Barcelona are finally off the mark in the 2019/20 La Liga season as the Catalans clinched their first three points at the Camp Nou against Real Betis. After the initial shock and falling behind, Ernesto Valverde’s troops rallied behind Antoine Griezmann and co. and really ran over their opposition, winning 5-2 on the night.
Barcelona lined up in a familiar 4-3-3 shape but with rather experimental names in the fold. The backline saw some familiar faces but the middle and the forward lines were changed tremendously.
Sergio Busquets returned to his position of the team’s defensive midfielder and was accompanied by the newcomer, Frenkie de Jong, and Sergi Roberto. Up front, with the injuries of Ousmane Dembélé, Lionel Messi and Luis Suárez, Valverde decided to field Antoine Griezmann at the centre-forward role and Rafinha and Carles Pérez on the flanks.
Real Betis also saw some changes to their lineup. Rubi fielded them in a 4-4-2 system but with some personnel changes. With Joel Robles out with a red card suspension, Martín Fernández was in-between the sticks. The rest of the backline remained unchanged but Rubi opted for three more changes up front.
He ditched the double pivot and deployed a quartet of midfielders with Guardado and Canales making their return to the lineup. Instead of a sole striker, we saw a tandem of Nabil Fekir and Loren Morón leading the charge.
Barcelona dominate but can’t penetrate Real Betis’ shape
While it is far too early to be talking about a drastic switch in tactics, but Real Betis seemed to have adopted a different approach now that Rubi has taken over the team. Quique Setien’s Real Betis came to Camp Nou to attack and fight fire with fire but on the weekend, the green-and-whites came only to survive.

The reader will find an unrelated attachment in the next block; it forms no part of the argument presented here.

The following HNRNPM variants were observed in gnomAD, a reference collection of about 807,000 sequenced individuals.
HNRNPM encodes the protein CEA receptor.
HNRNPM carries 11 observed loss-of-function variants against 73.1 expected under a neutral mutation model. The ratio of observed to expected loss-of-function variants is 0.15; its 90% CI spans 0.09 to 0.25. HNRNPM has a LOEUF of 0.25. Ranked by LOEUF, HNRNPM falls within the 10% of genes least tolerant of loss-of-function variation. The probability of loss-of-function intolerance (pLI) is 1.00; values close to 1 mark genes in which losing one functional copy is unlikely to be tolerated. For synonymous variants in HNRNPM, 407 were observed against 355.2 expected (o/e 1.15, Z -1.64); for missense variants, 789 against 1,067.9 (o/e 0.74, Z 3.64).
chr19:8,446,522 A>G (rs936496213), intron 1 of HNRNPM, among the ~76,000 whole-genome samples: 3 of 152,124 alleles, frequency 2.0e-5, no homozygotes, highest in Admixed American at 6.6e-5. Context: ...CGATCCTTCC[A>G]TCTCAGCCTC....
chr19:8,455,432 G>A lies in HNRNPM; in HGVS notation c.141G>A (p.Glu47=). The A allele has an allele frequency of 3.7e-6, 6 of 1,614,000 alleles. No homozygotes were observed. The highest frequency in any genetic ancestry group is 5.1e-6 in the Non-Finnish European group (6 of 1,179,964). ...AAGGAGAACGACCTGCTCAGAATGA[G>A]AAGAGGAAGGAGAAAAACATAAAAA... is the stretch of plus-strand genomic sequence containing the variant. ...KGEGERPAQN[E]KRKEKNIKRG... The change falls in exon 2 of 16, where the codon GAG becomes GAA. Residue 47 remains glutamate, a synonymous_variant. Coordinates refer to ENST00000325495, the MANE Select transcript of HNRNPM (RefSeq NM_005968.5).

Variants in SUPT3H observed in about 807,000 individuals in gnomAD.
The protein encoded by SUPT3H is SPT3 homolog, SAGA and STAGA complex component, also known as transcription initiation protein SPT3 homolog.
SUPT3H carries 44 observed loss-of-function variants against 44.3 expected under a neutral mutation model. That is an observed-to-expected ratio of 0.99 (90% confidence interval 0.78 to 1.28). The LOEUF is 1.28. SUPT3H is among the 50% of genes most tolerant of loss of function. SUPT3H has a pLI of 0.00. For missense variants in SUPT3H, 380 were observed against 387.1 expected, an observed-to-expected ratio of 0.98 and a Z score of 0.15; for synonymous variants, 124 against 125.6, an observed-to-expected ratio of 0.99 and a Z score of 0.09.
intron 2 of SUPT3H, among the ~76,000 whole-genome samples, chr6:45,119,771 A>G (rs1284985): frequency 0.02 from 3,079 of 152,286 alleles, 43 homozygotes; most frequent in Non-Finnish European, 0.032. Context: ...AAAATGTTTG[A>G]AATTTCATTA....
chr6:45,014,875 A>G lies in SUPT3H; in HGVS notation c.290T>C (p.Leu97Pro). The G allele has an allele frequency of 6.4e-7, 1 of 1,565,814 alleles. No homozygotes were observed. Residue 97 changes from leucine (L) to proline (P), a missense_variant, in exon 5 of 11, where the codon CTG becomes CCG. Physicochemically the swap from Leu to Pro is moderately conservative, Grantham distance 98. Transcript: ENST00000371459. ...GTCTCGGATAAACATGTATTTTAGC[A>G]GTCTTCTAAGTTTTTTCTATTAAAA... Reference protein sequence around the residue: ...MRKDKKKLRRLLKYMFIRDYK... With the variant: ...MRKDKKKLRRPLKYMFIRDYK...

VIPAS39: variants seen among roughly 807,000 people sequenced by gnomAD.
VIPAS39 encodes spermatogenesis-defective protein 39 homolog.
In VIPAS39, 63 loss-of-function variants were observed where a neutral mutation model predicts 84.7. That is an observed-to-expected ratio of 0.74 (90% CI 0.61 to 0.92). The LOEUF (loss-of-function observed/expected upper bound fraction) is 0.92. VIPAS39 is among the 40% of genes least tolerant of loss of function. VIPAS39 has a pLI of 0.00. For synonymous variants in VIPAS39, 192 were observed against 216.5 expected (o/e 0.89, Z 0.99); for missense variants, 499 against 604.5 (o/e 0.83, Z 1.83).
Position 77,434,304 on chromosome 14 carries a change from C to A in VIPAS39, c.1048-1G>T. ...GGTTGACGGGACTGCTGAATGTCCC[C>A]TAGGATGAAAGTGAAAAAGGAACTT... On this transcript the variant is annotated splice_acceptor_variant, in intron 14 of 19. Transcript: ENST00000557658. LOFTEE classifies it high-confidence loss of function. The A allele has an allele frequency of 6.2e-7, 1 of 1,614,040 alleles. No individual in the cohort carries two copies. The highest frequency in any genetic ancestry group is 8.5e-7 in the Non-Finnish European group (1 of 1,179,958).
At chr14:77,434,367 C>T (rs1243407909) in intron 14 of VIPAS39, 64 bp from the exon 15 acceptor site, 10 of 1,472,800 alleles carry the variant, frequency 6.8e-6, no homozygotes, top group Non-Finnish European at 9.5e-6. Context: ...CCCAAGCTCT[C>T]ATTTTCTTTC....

And in order to do so, they have (somewhat) successfully taken a page out of Athletic Bilbao’s book from the opening game in which Barcelona simply couldn’t breach their opponent’s defence. Real Betis were patient and sturdy, deploying a rather narrow and compact shape when welcoming the Catalans into their own half.
When Barcelona were forced backwards, Betis would not really go into a manic high-press but would rather follow them up until the middle of the pitch and remain in their 4-4-2 shape in a mid-block.
Just like Bilbao managed to negate De Jong’s influence a week ago, Real Betis did the same this time around. The two forwards screened Busquets while the quartet behind them enclosed both De Jong and Roberto, blocking all and any passing channels towards them.
This did a couple of things: Firstly, it meant that the middle channels were all closed down and trying to send passes through there was extremely risky for Barcelona. And secondly, it also forced the home team wide and through the flanks. Since they needed extra bodies to support the build-up, both Jordi Alba and Nelson Semedo were pulled down to receive the ball in deeper areas and then help progress it forward.
And as Barcelona were gaining ground through their wide areas, Real Betis would shift their compact squad accordingly. They also knew Valverde would instruct his players to do overlapping and underlapping runs, especially on the left, so they doubled their markers, following the runs of all players closely, preventing any possibility of a link-up.